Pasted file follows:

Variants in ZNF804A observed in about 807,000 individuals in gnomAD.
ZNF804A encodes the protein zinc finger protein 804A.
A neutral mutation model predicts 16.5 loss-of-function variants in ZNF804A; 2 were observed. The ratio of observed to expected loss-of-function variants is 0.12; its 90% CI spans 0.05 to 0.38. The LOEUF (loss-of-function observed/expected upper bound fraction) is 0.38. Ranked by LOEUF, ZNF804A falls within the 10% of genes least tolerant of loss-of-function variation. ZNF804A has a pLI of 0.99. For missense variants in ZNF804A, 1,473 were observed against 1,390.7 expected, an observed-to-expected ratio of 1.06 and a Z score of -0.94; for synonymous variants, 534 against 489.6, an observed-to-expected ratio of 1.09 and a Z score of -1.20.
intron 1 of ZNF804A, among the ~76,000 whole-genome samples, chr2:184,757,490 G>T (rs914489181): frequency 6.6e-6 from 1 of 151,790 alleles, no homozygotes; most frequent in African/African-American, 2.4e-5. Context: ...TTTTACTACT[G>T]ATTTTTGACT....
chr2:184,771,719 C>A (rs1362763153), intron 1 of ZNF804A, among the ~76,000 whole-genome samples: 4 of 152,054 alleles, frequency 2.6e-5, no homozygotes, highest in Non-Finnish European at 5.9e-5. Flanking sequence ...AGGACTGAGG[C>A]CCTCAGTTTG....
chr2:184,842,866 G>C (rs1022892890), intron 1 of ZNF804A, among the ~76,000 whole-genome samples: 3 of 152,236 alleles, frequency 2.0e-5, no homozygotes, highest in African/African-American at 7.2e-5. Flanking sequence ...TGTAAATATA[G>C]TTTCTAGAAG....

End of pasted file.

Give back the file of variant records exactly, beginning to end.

Variants in ZNF804A observed in about 807,000 individuals in gnomAD.
ZNF804A encodes the protein zinc finger protein 804A.
A neutral mutation model predicts 16.5 loss-of-function variants in ZNF804A; 2 were observed. The ratio of observed to expected loss-of-function variants is 0.12; its 90% CI spans 0.05 to 0.38. The LOEUF (loss-of-function observed/expected upper bound fraction) is 0.38. Ranked by LOEUF, ZNF804A falls within the 10% of genes least tolerant of loss-of-function variation. ZNF804A has a pLI of 0.99. For missense variants in ZNF804A, 1,473 were observed against 1,390.7 expected, an observed-to-expected ratio of 1.06 and a Z score of -0.94; for synonymous variants, 534 against 489.6, an observed-to-expected ratio of 1.09 and a Z score of -1.20.
intron 1 of ZNF804A, among the ~76,000 whole-genome samples, chr2:184,757,490 G>T (rs914489181): frequency 6.6e-6 from 1 of 151,790 alleles, no homozygotes; most frequent in African/African-American, 2.4e-5. Context: ...TTTTACTACT[G>T]ATTTTTGACT....
chr2:184,771,719 C>A (rs1362763153), intron 1 of ZNF804A, among the ~76,000 whole-genome samples: 4 of 152,054 alleles, frequency 2.6e-5, no homozygotes, highest in Non-Finnish European at 5.9e-5. Flanking sequence ...AGGACTGAGG[C>A]CCTCAGTTTG....
chr2:184,842,866 G>C (rs1022892890), intron 1 of ZNF804A, among the ~76,000 whole-genome samples: 3 of 152,236 alleles, frequency 2.0e-5, no homozygotes, highest in African/African-American at 7.2e-5. Flanking sequence ...TGTAAATATA[G>C]TTTCTAGAAG....